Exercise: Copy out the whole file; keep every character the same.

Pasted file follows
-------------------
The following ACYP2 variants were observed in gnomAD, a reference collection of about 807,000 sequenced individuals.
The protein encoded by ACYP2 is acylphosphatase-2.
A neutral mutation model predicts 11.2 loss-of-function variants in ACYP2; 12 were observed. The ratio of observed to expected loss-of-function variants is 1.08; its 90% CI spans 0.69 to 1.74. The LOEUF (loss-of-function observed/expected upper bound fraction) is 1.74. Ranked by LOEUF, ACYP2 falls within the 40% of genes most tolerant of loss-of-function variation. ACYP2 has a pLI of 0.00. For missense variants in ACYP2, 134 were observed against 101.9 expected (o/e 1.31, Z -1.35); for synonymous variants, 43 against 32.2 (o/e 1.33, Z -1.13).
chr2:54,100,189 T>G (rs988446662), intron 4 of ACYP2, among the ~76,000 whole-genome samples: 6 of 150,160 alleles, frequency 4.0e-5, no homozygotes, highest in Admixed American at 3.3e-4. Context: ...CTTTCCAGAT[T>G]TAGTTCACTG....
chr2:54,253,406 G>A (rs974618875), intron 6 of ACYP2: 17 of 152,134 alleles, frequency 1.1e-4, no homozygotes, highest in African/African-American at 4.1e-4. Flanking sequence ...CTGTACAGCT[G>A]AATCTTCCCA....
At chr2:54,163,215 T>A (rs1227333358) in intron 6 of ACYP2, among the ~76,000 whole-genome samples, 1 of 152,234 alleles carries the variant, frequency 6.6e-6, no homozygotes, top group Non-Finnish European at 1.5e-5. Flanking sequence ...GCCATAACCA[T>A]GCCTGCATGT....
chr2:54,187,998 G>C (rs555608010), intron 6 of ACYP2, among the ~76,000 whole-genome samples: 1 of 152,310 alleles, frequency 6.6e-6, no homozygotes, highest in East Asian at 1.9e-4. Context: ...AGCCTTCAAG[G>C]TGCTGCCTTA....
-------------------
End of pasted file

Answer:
The following ACYP2 variants were observed in gnomAD, a reference collection of about 807,000 sequenced individuals.
The protein encoded by ACYP2 is acylphosphatase-2.
A neutral mutation model predicts 11.2 loss-of-function variants in ACYP2; 12 were observed. The ratio of observed to expected loss-of-function variants is 1.08; its 90% CI spans 0.69 to 1.74. The LOEUF (loss-of-function observed/expected upper bound fraction) is 1.74. Ranked by LOEUF, ACYP2 falls within the 40% of genes most tolerant of loss-of-function variation. ACYP2 has a pLI of 0.00. For missense variants in ACYP2, 134 were observed against 101.9 expected (o/e 1.31, Z -1.35); for synonymous variants, 43 against 32.2 (o/e 1.33, Z -1.13).
chr2:54,100,189 T>G (rs988446662), intron 4 of ACYP2, among the ~76,000 whole-genome samples: 6 of 150,160 alleles, frequency 4.0e-5, no homozygotes, highest in Admixed American at 3.3e-4. Context: ...CTTTCCAGAT[T>G]TAGTTCACTG....
chr2:54,253,406 G>A (rs974618875), intron 6 of ACYP2: 17 of 152,134 alleles, frequency 1.1e-4, no homozygotes, highest in African/African-American at 4.1e-4. Flanking sequence ...CTGTACAGCT[G>A]AATCTTCCCA....
At chr2:54,163,215 T>A (rs1227333358) in intron 6 of ACYP2, among the ~76,000 whole-genome samples, 1 of 152,234 alleles carries the variant, frequency 6.6e-6, no homozygotes, top group Non-Finnish European at 1.5e-5. Flanking sequence ...GCCATAACCA[T>A]GCCTGCATGT....
chr2:54,187,998 G>C (rs555608010), intron 6 of ACYP2, among the ~76,000 whole-genome samples: 1 of 152,310 alleles, frequency 6.6e-6, no homozygotes, highest in East Asian at 1.9e-4. Context: ...AGCCTTCAAG[G>C]TGCTGCCTTA....